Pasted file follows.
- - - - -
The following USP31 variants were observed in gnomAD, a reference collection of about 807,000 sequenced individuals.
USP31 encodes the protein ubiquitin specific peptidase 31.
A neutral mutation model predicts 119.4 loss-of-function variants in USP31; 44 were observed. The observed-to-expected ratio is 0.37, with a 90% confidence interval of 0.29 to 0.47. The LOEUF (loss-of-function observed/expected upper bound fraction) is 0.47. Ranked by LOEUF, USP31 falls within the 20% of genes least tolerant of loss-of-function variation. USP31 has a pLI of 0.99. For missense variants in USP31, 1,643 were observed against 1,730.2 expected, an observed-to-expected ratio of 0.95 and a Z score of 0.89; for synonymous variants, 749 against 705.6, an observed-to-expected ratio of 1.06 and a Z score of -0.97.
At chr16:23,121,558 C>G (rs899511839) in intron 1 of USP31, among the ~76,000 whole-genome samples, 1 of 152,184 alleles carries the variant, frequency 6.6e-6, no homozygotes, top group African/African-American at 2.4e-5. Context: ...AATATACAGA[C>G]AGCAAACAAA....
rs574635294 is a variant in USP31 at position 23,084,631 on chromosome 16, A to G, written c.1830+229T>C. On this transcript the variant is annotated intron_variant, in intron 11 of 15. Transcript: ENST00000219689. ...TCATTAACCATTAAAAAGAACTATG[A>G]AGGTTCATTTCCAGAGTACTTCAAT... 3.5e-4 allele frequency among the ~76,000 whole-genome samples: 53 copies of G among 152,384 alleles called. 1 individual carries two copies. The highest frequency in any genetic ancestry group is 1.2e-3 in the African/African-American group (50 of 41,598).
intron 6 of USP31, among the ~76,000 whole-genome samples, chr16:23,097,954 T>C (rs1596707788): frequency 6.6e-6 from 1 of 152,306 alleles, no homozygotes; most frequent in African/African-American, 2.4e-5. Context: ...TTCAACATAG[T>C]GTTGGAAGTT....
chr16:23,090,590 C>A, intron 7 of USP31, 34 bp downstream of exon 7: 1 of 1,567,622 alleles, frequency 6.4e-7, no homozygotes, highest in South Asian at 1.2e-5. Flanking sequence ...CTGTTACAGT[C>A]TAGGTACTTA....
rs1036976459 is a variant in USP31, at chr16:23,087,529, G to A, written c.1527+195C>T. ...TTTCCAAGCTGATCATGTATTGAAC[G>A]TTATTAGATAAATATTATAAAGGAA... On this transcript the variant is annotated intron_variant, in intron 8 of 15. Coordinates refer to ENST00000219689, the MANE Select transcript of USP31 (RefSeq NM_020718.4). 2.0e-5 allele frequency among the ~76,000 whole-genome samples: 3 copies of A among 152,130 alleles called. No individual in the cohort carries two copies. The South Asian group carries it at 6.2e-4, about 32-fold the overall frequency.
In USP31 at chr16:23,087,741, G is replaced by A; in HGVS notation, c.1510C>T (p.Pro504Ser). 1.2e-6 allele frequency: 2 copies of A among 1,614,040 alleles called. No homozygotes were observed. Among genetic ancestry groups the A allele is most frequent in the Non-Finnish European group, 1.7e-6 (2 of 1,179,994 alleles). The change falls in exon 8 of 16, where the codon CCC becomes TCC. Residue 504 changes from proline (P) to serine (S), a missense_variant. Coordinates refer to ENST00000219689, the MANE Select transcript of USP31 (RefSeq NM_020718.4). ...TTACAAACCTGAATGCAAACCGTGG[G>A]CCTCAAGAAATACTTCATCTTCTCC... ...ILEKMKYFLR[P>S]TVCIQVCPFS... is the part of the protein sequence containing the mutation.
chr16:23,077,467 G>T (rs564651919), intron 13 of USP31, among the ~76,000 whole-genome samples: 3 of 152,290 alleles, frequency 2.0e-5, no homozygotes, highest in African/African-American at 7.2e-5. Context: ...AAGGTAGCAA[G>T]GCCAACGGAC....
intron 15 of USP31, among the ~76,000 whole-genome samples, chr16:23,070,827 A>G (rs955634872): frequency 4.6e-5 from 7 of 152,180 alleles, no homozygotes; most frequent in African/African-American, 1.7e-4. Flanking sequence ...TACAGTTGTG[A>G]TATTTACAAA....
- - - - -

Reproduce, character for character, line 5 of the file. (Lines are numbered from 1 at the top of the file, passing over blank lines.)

rs574635294 is a variant in USP31 at position 23,084,631 on chromosome 16, A to G, written c.1830+229T>C. On this transcript the variant is annotated intron_variant, in intron 11 of 15. Transcript: ENST00000219689. ...TCATTAACCATTAAAAAGAACTATG[A>G]AGGTTCATTTCCAGAGTACTTCAAT... 3.5e-4 allele frequency among the ~76,000 whole-genome samples: 53 copies of G among 152,384 alleles called. 1 individual carries two copies. The highest frequency in any genetic ancestry group is 1.2e-3 in the African/African-American group (50 of 41,598).